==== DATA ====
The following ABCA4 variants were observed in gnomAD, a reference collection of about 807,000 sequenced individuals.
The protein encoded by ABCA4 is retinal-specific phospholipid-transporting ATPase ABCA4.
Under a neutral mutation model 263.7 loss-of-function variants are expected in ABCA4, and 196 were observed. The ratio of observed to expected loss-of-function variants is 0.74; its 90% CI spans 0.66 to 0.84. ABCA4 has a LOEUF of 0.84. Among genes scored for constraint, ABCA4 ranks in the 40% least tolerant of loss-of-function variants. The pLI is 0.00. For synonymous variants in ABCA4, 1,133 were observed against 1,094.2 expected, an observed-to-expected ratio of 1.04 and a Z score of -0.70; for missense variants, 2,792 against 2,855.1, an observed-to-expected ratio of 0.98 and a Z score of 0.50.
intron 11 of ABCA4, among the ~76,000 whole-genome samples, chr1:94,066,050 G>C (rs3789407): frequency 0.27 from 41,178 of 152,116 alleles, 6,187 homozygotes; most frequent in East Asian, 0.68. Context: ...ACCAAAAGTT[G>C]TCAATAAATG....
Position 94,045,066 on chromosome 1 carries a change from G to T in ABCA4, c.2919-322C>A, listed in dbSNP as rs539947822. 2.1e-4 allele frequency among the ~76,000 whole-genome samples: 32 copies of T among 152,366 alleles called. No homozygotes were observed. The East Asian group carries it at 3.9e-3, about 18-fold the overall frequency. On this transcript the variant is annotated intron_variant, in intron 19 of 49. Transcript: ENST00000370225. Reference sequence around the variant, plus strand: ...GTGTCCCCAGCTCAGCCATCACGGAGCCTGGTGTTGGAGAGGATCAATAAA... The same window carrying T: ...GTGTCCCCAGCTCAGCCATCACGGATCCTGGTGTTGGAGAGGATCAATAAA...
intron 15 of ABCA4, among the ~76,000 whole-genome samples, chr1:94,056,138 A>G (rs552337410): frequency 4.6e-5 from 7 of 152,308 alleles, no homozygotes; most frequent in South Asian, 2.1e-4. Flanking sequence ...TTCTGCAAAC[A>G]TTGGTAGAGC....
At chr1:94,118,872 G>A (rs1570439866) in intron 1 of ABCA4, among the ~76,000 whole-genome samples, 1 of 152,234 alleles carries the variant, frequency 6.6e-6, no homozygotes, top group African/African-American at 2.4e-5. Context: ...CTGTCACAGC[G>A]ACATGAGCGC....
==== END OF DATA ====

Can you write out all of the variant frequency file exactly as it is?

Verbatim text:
The following ABCA4 variants were observed in gnomAD, a reference collection of about 807,000 sequenced individuals.
The protein encoded by ABCA4 is retinal-specific phospholipid-transporting ATPase ABCA4.
Under a neutral mutation model 263.7 loss-of-function variants are expected in ABCA4, and 196 were observed. The ratio of observed to expected loss-of-function variants is 0.74; its 90% CI spans 0.66 to 0.84. ABCA4 has a LOEUF of 0.84. Among genes scored for constraint, ABCA4 ranks in the 40% least tolerant of loss-of-function variants. The pLI is 0.00. For synonymous variants in ABCA4, 1,133 were observed against 1,094.2 expected, an observed-to-expected ratio of 1.04 and a Z score of -0.70; for missense variants, 2,792 against 2,855.1, an observed-to-expected ratio of 0.98 and a Z score of 0.50.
intron 11 of ABCA4, among the ~76,000 whole-genome samples, chr1:94,066,050 G>C (rs3789407): frequency 0.27 from 41,178 of 152,116 alleles, 6,187 homozygotes; most frequent in East Asian, 0.68. Context: ...ACCAAAAGTT[G>C]TCAATAAATG....
Position 94,045,066 on chromosome 1 carries a change from G to T in ABCA4, c.2919-322C>A, listed in dbSNP as rs539947822. 2.1e-4 allele frequency among the ~76,000 whole-genome samples: 32 copies of T among 152,366 alleles called. No homozygotes were observed. The East Asian group carries it at 3.9e-3, about 18-fold the overall frequency. On this transcript the variant is annotated intron_variant, in intron 19 of 49. Transcript: ENST00000370225. Reference sequence around the variant, plus strand: ...GTGTCCCCAGCTCAGCCATCACGGAGCCTGGTGTTGGAGAGGATCAATAAA... The same window carrying T: ...GTGTCCCCAGCTCAGCCATCACGGATCCTGGTGTTGGAGAGGATCAATAAA...
intron 15 of ABCA4, among the ~76,000 whole-genome samples, chr1:94,056,138 A>G (rs552337410): frequency 4.6e-5 from 7 of 152,308 alleles, no homozygotes; most frequent in South Asian, 2.1e-4. Flanking sequence ...TTCTGCAAAC[A>G]TTGGTAGAGC....
At chr1:94,118,872 G>A (rs1570439866) in intron 1 of ABCA4, among the ~76,000 whole-genome samples, 1 of 152,234 alleles carries the variant, frequency 6.6e-6, no homozygotes, top group African/African-American at 2.4e-5. Context: ...CTGTCACAGC[G>A]ACATGAGCGC....